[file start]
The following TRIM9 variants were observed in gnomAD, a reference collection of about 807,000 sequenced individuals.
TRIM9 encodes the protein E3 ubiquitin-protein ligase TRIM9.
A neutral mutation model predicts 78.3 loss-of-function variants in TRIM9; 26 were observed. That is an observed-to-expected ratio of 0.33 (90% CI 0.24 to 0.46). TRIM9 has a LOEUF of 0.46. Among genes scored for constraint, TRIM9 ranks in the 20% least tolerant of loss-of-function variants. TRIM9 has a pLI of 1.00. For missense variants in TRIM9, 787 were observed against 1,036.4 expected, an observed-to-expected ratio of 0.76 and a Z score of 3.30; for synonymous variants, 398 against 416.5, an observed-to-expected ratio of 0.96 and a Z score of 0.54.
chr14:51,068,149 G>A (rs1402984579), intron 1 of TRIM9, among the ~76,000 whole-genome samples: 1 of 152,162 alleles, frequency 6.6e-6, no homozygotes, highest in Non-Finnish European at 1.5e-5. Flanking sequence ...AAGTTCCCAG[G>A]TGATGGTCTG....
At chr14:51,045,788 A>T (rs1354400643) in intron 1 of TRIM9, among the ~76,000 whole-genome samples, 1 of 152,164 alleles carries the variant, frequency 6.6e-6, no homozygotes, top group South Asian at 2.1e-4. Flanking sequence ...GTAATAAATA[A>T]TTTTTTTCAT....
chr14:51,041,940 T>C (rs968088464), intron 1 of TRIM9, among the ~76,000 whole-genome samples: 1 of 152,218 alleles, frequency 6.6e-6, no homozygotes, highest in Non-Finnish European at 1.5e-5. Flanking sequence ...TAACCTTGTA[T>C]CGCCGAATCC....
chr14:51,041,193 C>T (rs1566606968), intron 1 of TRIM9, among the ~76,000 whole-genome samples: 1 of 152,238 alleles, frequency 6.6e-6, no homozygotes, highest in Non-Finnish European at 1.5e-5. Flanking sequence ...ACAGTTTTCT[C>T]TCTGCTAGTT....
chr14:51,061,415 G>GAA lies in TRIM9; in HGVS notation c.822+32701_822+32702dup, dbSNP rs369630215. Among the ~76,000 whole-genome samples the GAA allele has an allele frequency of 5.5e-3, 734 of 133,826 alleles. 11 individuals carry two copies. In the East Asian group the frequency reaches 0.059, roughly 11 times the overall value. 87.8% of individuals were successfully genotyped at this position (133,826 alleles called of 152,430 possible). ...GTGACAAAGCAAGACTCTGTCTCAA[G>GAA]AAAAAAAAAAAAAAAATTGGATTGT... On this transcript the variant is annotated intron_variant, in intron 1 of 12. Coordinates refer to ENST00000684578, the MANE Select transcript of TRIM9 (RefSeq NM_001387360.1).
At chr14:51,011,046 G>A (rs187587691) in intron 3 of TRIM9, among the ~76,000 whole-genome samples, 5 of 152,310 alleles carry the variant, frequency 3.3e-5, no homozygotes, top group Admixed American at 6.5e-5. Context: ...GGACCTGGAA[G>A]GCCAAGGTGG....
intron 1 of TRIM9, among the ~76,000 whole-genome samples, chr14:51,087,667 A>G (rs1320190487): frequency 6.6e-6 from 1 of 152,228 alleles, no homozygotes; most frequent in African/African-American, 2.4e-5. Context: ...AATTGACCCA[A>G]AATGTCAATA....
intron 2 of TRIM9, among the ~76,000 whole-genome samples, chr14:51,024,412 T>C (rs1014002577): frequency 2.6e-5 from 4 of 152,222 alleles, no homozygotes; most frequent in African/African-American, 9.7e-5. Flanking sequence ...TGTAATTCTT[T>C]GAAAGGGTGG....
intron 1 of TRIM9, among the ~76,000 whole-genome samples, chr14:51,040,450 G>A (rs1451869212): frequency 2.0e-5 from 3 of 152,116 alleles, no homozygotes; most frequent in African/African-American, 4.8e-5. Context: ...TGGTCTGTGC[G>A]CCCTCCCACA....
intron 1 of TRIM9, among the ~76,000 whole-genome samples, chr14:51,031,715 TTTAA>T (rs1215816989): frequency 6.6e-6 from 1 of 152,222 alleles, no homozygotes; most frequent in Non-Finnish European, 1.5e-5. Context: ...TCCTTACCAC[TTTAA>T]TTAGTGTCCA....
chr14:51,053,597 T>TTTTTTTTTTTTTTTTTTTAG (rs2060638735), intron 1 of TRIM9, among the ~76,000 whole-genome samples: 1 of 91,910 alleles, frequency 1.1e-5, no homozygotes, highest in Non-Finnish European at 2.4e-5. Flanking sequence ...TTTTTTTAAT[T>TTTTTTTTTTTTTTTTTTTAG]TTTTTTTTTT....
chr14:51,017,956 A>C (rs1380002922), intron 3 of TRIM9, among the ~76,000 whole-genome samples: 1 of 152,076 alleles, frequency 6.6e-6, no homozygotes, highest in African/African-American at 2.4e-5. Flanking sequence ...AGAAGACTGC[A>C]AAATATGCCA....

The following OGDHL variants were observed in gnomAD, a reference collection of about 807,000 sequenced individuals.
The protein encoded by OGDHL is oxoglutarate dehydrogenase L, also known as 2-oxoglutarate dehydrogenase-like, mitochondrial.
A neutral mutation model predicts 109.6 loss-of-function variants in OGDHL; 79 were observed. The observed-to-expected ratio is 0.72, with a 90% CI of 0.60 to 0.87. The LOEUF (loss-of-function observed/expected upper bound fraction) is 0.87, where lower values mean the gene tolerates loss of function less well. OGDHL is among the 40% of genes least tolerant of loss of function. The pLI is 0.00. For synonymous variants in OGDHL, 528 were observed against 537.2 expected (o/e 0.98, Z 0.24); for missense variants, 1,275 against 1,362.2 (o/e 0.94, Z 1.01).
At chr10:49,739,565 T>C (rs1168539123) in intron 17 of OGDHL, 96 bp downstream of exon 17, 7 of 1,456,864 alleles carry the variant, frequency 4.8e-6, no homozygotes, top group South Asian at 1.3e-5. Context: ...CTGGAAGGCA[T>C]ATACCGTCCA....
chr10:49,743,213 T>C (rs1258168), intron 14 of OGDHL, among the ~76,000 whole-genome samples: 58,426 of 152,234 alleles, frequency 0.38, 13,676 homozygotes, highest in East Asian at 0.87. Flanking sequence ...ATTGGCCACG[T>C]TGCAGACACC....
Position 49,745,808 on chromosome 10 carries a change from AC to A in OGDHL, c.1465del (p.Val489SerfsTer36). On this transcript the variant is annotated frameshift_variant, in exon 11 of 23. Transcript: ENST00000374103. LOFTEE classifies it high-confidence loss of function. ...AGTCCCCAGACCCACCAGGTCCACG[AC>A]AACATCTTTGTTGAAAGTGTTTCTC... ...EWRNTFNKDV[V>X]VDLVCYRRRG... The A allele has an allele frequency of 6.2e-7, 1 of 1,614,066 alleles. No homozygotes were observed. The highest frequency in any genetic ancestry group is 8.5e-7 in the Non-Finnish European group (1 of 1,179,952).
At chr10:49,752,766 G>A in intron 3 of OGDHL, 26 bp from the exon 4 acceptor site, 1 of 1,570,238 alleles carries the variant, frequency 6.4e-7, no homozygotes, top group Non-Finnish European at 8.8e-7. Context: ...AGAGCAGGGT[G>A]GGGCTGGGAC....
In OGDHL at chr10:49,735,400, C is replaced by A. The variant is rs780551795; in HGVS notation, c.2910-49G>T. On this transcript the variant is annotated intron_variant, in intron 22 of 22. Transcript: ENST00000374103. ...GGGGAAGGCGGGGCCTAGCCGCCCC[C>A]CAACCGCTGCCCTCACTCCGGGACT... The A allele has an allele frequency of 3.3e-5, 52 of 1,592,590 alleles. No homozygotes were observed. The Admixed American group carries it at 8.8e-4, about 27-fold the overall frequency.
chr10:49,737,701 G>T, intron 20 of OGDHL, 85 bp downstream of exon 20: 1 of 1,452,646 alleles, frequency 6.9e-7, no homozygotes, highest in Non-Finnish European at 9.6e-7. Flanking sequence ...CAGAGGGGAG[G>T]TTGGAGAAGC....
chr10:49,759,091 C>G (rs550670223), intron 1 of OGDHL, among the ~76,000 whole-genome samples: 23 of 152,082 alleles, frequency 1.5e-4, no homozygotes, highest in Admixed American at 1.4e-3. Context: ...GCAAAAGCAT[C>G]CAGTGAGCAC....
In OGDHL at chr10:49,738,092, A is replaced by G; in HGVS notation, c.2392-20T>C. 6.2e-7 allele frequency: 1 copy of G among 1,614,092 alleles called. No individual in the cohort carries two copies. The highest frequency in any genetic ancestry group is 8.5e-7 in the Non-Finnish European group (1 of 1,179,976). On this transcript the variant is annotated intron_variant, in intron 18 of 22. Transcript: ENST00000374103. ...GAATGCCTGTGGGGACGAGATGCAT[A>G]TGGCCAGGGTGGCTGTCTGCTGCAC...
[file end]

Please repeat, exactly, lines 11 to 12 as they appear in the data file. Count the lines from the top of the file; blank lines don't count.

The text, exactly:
intron 2 of TRIM9, among the ~76,000 whole-genome samples, chr14:51,024,412 T>C (rs1014002577): frequency 2.6e-5 from 4 of 152,222 alleles, no homozygotes; most frequent in African/African-American, 9.7e-5. Flanking sequence ...TGTAATTCTT[T>C]GAAAGGGTGG....
intron 1 of TRIM9, among the ~76,000 whole-genome samples, chr14:51,040,450 G>A (rs1451869212): frequency 2.0e-5 from 3 of 152,116 alleles, no homozygotes; most frequent in African/African-American, 4.8e-5. Context: ...TGGTCTGTGC[G>A]CCCTCCCACA....